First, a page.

Why AYO is a safer bet

AYO has a business case that deserves looking at, says the author. Photo: ANA

AYO has a business case that deserves looking at, says the author. Photo: ANA

Published May 22, 2023


IT’S been another tough week in the markets for the rand, which to all intents and purposes is in free fall. Aided and abetted by government’s recalcitrant and obtuse responses to the little matter of a Russian cargo ship that snuck in under the blanket of darkness and left quietly two days later, the world is looking askance at South Africa.

With a track record of endemic corruption, empty government promises, political platitudes and a president who changes his mind as often as he does his shirts, it’s no wonder that the stock markets are on a decline, and investors are increasingly reluctant to get involved.

Globally, the markets are volatile too. Just look at the Chinese internet giant Tencent, whose major shareholders are Naspers (listed on the JSE) and Prosus (Eurotext listing), which have become increasingly risky, given their dependability on the whims of the Chinese Communist Party. (Prosus is controlled by Naspers.)

As noted in an article on the Investec website recently, if you are a state pensioner or a South African whose savings are tied up in Naspers, you are probably getting a little jittery right now, what with world politics and South Africa’s game of chess with its citizens’ future playing out on home soil.

In investment terms, there’s no such thing as a sure bet – unless one has a jolly good and solid inside tip. Traditional stocks and ways of doing business are falling by the wayside. Take the case of Ellies, whose share price has declined by 99% over the last decade. There are many reasons behind this, but a key one is perhaps not reading correctly where the world is headed in terms of technology, and the decision for the trading company to go public in the first place.

In Africa, we have often been the dumping ground for legacy technology as more developed markets forge ahead in their rapacious quest for, well, getting ahead. In many ways, instead of helping the continent progress, it has caused it to lag.

However, that is changing and rapidly.

Africa is now at the cutting edge of technology innovation and those companies that hold broad baskets of technology offerings and solutions are the ones that are winning.

One such company that has a diverse portfolio that speaks to the broadness of the technology space and is ideally positioned to capitalise on the explosion in digital across Africa, is Ayo Technologies (AYO). Often maligned in the press because of its associations with successful and award-winning business investor Dr Iqbal Survé, underneath the noise and clutter, AYO has a business case that deserves looking at.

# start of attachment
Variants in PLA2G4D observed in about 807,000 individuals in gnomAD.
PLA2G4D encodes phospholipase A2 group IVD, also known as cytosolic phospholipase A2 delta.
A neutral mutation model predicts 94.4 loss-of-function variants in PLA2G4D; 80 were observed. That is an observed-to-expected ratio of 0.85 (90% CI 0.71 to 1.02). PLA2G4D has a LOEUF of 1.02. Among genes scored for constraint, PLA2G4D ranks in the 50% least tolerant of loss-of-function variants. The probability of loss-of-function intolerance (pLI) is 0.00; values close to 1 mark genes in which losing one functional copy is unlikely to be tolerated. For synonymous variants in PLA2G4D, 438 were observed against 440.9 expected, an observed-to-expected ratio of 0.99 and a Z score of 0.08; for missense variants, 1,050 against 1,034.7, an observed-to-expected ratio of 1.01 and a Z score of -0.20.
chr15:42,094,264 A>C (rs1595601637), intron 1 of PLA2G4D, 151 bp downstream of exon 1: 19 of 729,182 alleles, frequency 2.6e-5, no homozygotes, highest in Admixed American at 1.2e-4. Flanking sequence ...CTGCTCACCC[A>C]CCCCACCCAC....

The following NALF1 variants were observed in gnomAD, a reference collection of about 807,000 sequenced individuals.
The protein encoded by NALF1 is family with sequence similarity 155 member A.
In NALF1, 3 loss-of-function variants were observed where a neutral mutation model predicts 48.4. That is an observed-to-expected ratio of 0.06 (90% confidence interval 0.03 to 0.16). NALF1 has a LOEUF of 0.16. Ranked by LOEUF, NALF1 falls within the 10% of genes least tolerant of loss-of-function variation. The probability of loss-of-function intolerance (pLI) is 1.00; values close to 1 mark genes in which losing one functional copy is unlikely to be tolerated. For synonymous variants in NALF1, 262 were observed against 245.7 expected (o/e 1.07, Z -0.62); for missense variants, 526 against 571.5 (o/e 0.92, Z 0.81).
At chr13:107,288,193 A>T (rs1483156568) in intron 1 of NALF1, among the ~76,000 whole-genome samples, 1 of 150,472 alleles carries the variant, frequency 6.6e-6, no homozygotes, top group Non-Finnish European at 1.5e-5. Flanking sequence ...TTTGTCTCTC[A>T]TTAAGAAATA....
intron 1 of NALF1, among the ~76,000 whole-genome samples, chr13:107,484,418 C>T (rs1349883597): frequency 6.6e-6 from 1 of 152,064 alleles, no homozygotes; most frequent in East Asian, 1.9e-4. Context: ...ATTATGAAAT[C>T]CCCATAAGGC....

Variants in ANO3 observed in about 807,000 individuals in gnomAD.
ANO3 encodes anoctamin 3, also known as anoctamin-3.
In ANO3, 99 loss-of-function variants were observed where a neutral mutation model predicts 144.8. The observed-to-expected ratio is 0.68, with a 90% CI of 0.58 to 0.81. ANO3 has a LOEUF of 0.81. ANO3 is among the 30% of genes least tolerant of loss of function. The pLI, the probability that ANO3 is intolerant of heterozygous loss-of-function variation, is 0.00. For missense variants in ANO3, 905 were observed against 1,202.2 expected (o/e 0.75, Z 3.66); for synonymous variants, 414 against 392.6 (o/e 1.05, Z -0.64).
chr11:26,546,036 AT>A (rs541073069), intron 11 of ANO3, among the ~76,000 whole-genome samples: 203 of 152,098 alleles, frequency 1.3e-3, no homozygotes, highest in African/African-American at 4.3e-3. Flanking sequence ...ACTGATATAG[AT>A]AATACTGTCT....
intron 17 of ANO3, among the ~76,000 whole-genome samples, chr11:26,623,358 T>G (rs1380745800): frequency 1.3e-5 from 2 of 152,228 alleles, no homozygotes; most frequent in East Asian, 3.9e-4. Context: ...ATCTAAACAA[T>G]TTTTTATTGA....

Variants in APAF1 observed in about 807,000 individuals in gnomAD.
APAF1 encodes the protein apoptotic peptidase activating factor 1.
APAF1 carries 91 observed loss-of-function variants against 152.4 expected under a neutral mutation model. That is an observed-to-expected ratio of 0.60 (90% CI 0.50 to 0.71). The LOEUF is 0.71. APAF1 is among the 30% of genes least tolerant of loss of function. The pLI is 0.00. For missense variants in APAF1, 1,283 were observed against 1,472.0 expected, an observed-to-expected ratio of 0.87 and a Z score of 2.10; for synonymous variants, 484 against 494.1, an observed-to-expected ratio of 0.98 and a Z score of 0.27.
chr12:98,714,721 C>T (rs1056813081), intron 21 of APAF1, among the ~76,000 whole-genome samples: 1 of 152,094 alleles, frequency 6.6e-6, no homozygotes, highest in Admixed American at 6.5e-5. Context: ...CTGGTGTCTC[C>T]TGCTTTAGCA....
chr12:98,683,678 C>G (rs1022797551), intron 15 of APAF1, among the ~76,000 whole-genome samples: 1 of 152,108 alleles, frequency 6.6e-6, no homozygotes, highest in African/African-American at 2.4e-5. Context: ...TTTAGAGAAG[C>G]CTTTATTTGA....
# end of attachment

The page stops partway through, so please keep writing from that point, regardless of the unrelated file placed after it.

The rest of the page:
AYO’s portfolio of companies includes a specialist technology healthcare provider that has been able to bridge the public and private sectors to create a seamless and homogenous system of records for example. Another is a leader in providing cybersecurity which, given that the country is reckoned to be in the top 5 of the worst affected or easiest to commit cybercrime in the world, business must be booming.

Add to this its investment into a mobile tracking software provider and a strategic stake in a leading technology provider for enabled awareness solutions across the commercial, security and military domains.

Covid-19 saw the exponential growth in remote working. This is a trend that has continued and, with it, the requirement for sophisticated audiovisual and workspace management tools and services. Here too, the ICT giant has a play, along with its investment into one of the country’s largest importers and distributors of telecommunications and consumer electronics.

Also in the portfolio is a well-established, full-spectrum ICT solutions and managed services organisation, as well as AYO’s stake in a company providing multi-technology communications systems for mobile broadband, networking, and microwave transmission – all the tools necessary to communicate, operate and live in the 4IR. Additionally, there is one of the country’s first and still successful, specialised digital media agencies that focuses on the commercialisation of digital content.

I would not say AYO has the perfect combination of investment assets with which to deliver on its extolled mandate when it listed, as there is always room for improvement, because as the world evolves so do business and consumer needs, but it’s as near as can be.

So, when not fighting factually incorrect assumptions about its business, AYO is probably a better bet for pensioners than an investment tied to the political turbulence of a foreign power.